As we close the chapter on Zidane's first 12 months in charge of the club, we review which player or combination of players have performed the best in net, defense, midfield, and offense. The methodology for assessing performance is based on the average goal difference or GD (goals scored less goals conceded) and shot on target differential or SoTD (shot on targets for less shots on target against) for each unique positional combo -- how the team does while they're on the field. For a more detailed overview of the methodology, see this article where positional combos were introduced.
Although this provides an interesting more team-oriented view than traditional individual statistics, it still suffers from the same issues that most statistics in sports and specifically team sports have (sample size and unequal/different environments/conditions being the two major examples). One way to address sample size is to limit the analysis to positional combos that have played at least 180 minutes (equivalent of two full games) -- given rotations and injuries, combinations don't play together too consistently.
In order to create a somewhat even playing field for considered combos (as some would still have played considerably more than others), GD and SoTD are normalized by calculating their per minute equivalent (i.e. +4 GD/SoTD in 180 minutes and +8 GD/SoTD in 360 minutes will produce the same value of 0.022). The resultant values, GD per minute or GDMA and SoTD per minute or SoTDMA is a comparatively fairer representation of performance than raw GD and SoTD. To standardize the data further, only Champions League and La Liga matches are considered as the other competitions (Copa del Rey, European Supercup, and Club World Cup) can significantly skew results.
The size of the bubbles denote minutes played and the color of the circles represent strength of opposition based on average league standings - the spectrum goes from 1 (darkest red) to 20 (darkest green). The analysis captures all official league and CL matches managed by Zidane in the 2016 calendar year.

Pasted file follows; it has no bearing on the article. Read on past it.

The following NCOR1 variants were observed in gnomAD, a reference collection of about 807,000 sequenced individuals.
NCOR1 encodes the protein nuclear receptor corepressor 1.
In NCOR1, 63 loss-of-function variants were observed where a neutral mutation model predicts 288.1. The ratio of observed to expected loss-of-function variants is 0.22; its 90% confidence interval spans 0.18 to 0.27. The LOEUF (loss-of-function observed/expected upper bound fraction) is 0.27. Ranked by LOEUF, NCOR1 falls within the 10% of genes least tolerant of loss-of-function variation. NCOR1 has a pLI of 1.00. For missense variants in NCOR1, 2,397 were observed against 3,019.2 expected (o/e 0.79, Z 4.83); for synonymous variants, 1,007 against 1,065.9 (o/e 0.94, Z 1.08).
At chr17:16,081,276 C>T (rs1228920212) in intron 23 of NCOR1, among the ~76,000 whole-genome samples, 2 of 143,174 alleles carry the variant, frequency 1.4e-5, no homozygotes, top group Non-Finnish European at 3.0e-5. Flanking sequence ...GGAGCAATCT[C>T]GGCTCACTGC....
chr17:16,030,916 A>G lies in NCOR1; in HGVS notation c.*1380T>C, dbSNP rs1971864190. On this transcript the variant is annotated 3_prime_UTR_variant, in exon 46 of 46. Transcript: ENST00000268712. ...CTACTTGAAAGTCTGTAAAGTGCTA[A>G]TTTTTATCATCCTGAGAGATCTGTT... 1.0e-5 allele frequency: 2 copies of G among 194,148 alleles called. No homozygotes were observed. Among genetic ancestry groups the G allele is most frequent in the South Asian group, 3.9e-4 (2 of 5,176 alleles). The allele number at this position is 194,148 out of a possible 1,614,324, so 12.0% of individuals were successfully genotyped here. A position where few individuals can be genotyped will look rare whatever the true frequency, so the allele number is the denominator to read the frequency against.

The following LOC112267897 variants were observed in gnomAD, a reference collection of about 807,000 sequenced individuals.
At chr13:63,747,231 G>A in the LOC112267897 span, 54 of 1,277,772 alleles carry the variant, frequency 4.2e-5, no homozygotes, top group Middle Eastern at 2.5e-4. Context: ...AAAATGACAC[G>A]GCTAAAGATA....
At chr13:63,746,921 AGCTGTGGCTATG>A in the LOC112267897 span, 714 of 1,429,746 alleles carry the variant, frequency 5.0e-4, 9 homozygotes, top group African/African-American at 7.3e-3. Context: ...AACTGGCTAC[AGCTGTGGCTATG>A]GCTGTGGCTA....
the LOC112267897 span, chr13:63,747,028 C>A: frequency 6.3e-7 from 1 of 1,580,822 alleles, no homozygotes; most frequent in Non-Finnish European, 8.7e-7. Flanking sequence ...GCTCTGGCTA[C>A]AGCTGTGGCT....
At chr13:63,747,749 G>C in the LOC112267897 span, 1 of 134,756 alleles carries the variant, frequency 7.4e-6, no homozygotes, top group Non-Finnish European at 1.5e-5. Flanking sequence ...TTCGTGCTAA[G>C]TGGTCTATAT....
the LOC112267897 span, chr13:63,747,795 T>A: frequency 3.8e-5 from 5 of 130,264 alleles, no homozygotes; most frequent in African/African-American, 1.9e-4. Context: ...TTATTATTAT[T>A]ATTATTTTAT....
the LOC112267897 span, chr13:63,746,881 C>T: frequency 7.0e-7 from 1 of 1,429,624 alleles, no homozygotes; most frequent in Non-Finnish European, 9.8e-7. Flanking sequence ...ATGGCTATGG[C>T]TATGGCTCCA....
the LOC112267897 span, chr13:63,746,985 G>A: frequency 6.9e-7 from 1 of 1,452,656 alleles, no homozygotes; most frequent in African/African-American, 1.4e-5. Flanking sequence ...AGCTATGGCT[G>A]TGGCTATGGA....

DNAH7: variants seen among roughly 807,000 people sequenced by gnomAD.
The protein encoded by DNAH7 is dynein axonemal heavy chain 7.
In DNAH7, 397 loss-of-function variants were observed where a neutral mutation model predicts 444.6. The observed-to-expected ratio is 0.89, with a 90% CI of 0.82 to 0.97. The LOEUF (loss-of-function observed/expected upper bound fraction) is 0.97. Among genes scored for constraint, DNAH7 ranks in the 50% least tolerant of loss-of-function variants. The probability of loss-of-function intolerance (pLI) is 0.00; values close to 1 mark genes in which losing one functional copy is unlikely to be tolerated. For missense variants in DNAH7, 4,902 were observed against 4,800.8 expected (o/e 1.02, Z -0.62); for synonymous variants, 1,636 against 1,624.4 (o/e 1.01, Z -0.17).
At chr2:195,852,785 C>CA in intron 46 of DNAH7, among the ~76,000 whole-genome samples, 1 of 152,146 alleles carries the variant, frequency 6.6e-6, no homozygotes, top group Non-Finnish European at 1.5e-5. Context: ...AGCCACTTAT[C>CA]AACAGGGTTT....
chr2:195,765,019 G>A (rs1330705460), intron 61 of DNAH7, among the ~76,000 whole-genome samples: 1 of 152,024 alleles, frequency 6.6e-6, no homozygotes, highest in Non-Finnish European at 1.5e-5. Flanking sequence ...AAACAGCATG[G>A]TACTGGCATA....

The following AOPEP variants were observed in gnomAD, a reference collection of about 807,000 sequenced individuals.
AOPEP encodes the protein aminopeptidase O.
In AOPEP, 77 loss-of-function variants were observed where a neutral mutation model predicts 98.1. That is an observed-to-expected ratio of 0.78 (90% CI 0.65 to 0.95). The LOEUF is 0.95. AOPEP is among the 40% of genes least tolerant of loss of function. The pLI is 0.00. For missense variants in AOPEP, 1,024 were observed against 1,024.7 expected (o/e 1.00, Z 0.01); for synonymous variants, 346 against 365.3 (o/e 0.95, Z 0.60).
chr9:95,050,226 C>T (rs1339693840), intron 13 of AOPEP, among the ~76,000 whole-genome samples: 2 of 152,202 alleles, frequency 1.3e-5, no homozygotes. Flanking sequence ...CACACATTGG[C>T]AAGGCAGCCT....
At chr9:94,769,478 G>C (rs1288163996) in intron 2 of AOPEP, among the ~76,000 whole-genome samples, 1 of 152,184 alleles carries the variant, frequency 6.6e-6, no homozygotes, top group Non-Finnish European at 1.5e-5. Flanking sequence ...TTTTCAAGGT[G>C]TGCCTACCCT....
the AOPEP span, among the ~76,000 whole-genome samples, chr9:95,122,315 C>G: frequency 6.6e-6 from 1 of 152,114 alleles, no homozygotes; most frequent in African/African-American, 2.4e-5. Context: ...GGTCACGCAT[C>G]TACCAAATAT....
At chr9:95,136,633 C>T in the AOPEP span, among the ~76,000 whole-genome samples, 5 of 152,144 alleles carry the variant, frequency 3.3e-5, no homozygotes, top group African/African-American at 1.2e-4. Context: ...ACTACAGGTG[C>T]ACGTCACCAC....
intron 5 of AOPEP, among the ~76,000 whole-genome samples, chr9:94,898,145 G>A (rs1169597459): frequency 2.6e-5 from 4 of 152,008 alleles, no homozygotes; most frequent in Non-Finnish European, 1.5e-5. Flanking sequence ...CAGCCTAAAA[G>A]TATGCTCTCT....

For keepers, goal difference is a stronger and better indicator on its own as there is much less of a direct contribution to shot performance (although this assumption could stand to be tested given the recent focus on GK participation in build-up). Keylor Navas comes out on top but by a slim margin. The team averaged a positive GDMA of 0.019 with the Costa Rican compared to 0.018 with Casilla. The average strength of opposition for Navas was 9.15 (slightly stronger than Casilla's 9.41) meaning quality of teams faced did not play a big role in Navas' superiority.
Standout performance: La Liga 2016-March-05 Celta Vigo 7-1 Home Win | Score while on pitch [7-1]
The unmatched and best defense is comprised of the Varane-Pepe center back pairing flanked by Marcelo and Carvajal. Going by minutes played, they have been Zidane's third most favored defensive combo after the presumed starting quartet (Ramos taking Pepe's place) going forward and the alternative with Ramos-Pepe in the heart of defense. The Marcelo-Varane-Pepe-Carvajal combo, benefitting from a relatively favorable strength of opposition rating, has registered an average GDMA and SoTDMA of 0.042 and 0.084 respectively. The nearest GDMA (0.033) and SoTDMA (0.049) values were achieved by two different combos emphasizing just how well the aforementioned best combo performed.
Standout performance: La Liga 2016-October-15 Real Betis 1-6 Away Win | Score while on pitch [1-6]